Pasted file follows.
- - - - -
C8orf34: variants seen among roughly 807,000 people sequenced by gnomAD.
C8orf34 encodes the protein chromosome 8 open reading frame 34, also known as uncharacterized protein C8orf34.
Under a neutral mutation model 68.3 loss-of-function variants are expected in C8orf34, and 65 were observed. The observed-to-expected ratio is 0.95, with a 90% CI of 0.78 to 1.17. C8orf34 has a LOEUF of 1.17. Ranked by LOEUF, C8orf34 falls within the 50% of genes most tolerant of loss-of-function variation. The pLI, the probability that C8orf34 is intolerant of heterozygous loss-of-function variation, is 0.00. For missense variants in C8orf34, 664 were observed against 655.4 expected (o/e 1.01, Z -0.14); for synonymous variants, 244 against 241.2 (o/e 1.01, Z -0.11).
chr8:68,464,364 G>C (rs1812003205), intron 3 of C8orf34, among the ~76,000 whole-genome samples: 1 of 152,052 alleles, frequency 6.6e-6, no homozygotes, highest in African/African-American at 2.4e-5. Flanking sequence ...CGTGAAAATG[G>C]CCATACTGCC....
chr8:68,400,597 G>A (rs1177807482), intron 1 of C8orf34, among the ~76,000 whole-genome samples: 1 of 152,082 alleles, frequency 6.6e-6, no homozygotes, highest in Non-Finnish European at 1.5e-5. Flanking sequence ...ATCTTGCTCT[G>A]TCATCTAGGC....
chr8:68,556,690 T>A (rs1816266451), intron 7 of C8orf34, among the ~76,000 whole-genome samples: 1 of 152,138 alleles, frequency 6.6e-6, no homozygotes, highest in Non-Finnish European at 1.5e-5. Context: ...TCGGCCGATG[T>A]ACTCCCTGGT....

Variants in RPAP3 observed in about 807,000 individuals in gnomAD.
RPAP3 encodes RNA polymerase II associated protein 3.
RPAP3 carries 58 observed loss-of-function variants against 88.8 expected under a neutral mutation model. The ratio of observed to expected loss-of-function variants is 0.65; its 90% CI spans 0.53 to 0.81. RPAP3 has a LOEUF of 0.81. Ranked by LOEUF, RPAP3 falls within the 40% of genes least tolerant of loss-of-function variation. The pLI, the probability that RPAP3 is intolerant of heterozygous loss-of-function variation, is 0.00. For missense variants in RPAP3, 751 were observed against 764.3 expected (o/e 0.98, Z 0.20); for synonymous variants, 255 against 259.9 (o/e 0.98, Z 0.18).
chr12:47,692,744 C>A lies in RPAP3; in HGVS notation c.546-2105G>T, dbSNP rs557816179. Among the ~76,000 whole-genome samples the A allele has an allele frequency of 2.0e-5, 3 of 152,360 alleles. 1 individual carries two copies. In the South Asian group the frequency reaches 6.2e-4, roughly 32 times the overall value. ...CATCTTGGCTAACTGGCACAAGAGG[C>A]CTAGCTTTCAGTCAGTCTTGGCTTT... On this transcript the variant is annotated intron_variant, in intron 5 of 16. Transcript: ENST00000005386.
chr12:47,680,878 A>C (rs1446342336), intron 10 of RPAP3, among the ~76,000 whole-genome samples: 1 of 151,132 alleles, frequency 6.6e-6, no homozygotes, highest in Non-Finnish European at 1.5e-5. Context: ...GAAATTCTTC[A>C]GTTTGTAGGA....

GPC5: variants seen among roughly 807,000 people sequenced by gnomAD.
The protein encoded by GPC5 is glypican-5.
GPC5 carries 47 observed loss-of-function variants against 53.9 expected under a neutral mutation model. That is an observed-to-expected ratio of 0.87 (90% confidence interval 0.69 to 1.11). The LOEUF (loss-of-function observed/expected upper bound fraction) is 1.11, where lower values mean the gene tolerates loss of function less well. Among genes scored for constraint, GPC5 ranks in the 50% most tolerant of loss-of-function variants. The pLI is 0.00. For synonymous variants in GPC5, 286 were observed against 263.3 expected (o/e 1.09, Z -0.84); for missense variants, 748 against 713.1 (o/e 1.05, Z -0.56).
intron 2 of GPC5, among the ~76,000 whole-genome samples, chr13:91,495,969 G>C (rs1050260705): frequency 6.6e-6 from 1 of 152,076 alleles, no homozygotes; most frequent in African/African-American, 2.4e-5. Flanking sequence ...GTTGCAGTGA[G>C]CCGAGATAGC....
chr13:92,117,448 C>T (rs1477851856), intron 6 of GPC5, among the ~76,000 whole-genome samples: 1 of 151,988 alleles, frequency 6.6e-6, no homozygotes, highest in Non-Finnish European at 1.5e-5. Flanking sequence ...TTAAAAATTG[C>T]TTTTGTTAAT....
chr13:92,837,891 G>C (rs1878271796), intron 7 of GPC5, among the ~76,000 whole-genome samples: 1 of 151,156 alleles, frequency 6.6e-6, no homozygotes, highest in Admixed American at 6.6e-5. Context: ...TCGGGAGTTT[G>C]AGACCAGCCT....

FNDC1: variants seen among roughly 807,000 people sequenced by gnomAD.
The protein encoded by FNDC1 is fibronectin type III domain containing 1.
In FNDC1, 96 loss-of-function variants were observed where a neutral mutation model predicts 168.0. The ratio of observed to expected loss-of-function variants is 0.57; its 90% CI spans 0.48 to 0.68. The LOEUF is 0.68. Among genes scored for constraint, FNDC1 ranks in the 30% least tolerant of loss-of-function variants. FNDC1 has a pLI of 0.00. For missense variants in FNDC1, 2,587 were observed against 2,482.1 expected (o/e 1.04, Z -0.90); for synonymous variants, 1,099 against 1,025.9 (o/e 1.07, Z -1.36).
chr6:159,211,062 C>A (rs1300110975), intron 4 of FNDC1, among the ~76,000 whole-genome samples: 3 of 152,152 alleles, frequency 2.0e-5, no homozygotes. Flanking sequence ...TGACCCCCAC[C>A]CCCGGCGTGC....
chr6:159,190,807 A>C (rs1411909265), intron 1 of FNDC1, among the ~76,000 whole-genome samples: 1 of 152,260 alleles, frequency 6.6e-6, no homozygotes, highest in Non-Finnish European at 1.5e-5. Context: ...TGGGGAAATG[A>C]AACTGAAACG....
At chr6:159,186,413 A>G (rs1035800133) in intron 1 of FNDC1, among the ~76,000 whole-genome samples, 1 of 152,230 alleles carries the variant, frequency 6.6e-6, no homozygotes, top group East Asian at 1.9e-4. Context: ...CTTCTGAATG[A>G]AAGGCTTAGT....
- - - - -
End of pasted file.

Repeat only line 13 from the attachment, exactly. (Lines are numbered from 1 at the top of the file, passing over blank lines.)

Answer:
The protein encoded by GPC5 is glypican-5.